Roadmaps to utopia: tales of the smart city

Blog by Alan-Miguel Valdez, Matthew Cook and Stephen Potter


Created
13 Feb 2018, 11:45 a.m.
Author
Alan-Miguel Valdez, Matthew Cook and Stephen Potter
DOI
10.1177/0042098017747857

Abstracthttp://journals.sagepub.com/doi/full/10.1177/0042098017747857#abstract

 

“…Here, you see, it takes all the running you can do, to keep in the same place. If you want to get somewhere else, you must run at least twice as fast as that!"

                        Lewis Carroll, Through the Looking Glass

 

“Roadmaps to utopia: tales of the smart city” builds on our previous work looking at various sustainable innovation experiments deployed in an English new town called Milton Keynes (MK). MK has cultivated a reputation as a leading test-bed city and, just like Alice in the Red Queen’s race, this new town finds itself running as fast as it can manage just to keep its place. MK:Smart (http://www.mksmart.org/), a £16 Million smart city programme, was the latest episode in its race towards utopia.

 

MK, like so many other smart cities, deployed sensing and data management infrastructures in order to improve the efficiency of its physical infrastructure and enable sustainable urban development. As we documented the development of the smart city programme, we gained the impression that the MK:Smart coalition was held together by a tacitly agreed roadmap.  Comparative research focused on similar programmes elsewhere, showed us that other smart cities seemed to follow slightly different versions of the same roadmap.  We observed that those metaphorical maps did not always provide a complete and accurate reflection of the situation on the ground, i.e. the map is not the territory.

 

Those informal observations were translated into a research programme with three distinct stages. First, we tried to make the tacit ‘smart city roadmap’ explicit and visible. We did not find a unique roadmap, but identified a common approach in a series of competing, complementary and overlapping visions outlined in smart city standards by BSI and ISO, promises made by ICT companies, and discourses used by leaders of pioneering smart cities. For the second stage of this research, we assessed the degree to which our particular ‘smart’ programme, MK:Smart, seemed to follow this invisible roadmap. Finally, we reflected on the degree to which the map seemed to provide an accurate representation of the processes taking place in smart cities and the degree to which cities following it seemed to attain (or not) the promised benefits.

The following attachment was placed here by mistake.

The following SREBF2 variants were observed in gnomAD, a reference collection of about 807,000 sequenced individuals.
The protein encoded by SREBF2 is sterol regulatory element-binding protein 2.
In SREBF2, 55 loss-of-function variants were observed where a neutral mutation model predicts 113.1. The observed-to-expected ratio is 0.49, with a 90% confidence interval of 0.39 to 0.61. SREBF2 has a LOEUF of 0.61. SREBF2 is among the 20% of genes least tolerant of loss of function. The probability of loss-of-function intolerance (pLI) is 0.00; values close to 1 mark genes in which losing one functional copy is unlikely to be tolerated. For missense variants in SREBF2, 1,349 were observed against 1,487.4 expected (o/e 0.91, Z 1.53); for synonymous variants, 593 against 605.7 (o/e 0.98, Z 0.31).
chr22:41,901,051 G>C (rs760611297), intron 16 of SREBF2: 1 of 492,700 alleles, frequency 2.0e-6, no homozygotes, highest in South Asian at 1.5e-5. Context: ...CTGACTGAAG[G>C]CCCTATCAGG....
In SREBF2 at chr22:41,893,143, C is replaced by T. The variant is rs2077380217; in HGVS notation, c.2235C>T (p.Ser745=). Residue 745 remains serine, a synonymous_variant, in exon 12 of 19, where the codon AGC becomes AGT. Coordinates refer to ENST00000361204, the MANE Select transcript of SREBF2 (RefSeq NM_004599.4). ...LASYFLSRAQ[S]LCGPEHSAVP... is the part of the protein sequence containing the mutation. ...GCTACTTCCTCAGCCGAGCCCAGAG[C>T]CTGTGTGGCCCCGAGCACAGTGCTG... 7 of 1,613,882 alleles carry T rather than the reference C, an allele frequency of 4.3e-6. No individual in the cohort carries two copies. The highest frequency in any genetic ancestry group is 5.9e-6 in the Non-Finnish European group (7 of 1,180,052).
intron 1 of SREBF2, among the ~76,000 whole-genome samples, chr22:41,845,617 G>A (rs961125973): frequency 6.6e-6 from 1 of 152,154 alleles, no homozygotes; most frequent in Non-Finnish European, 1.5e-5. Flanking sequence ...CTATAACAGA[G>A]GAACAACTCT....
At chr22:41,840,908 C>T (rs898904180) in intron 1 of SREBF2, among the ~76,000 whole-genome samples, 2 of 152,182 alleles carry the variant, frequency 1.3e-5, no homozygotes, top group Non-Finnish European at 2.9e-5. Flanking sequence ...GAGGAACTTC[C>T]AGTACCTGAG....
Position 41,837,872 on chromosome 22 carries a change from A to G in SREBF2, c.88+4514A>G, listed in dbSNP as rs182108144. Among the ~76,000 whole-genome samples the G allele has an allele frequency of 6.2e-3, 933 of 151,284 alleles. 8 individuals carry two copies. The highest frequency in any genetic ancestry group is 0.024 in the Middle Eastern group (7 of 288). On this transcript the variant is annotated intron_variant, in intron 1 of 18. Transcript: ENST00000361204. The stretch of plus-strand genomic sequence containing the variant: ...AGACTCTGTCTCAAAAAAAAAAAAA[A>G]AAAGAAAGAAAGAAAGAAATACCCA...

Our work on MK:Smart reached its conclusion on June 2017 but our engagement with Milton Keynes continues through the Smart Cities in the Making Project ( http://www.scim-mk.org ), which looks at the social effects of smart city technologies. In particular, SCiM-MK explores how smart patterns the social in cities. Just as we were wrapping up the last round of edits to our article, we had the opportunity to attend the Smart City Expo 2017 in Barcelona as part of our SCiM research. We visited the stands of the various smart cities, trying to develop an understanding of how the dozens of cities claiming to be smart were similar to (and different from) each other.

 

While we have not had time to do a formal analysis of the data gathered in Barcelona, our initial impression is that the smart city roadmap based on big data, as described in the article, is alive and well, invisible but omnipresent. However, it also seems that its own success is making it obsolete. Judging from the exhibits at the expo, it looks like cities don’t want to be just smart anymore. Now that hundreds of cities claim to be smart or experimental, ‘smart’ big data infrastructures may not be enough to raise the symbolic capital of a place. Most of the promotional materials we gathered at the expo are clearly designed to attract investment, with cities framing their smartness as a unique selling point. Since ‘smart’ by itself is not so unique anymore, cities need to offer something more and consequently projects are coalescing into smart regions, or becoming “smart and social”, “smart and sustainable”, “smart and inclusive”, “smart and connected”, “smart, automated and autonomous”. As smart cities find themselves in their own version of the Red Queen’s race, leading cities may be forced to reinvent their roadmaps, staging their proposals “in a future indefinitely postponed… where we are continually about to enter a new age, when we are continually anticipating what happens next” (Greenfield, 2013, p27). As more and more cities seem to be adopting the data-driven ‘smart city roadmap v1.0’, we are looking forward to research the emerging, competing visions for the smart city v2.0.

 

Greenfield, A. (2013). Against the smart city – The city is here for you to use. Do Projects.

 


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